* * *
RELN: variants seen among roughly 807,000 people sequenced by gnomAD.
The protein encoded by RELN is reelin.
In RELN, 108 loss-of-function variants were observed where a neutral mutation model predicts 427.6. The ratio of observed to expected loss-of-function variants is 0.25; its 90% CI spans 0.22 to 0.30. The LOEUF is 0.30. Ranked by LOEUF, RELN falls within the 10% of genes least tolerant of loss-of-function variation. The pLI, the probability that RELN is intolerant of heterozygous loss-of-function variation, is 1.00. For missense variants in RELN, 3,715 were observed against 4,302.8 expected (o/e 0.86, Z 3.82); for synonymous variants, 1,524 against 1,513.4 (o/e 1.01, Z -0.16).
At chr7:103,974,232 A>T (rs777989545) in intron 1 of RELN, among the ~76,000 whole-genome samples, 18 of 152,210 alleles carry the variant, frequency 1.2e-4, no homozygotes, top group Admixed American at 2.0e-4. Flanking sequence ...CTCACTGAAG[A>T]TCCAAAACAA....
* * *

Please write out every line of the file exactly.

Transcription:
RELN: variants seen among roughly 807,000 people sequenced by gnomAD.
The protein encoded by RELN is reelin.
In RELN, 108 loss-of-function variants were observed where a neutral mutation model predicts 427.6. The ratio of observed to expected loss-of-function variants is 0.25; its 90% CI spans 0.22 to 0.30. The LOEUF is 0.30. Ranked by LOEUF, RELN falls within the 10% of genes least tolerant of loss-of-function variation. The pLI, the probability that RELN is intolerant of heterozygous loss-of-function variation, is 1.00. For missense variants in RELN, 3,715 were observed against 4,302.8 expected (o/e 0.86, Z 3.82); for synonymous variants, 1,524 against 1,513.4 (o/e 1.01, Z -0.16).
At chr7:103,974,232 A>T (rs777989545) in intron 1 of RELN, among the ~76,000 whole-genome samples, 18 of 152,210 alleles carry the variant, frequency 1.2e-4, no homozygotes, top group Admixed American at 2.0e-4. Flanking sequence ...CTCACTGAAG[A>T]TCCAAAACAA....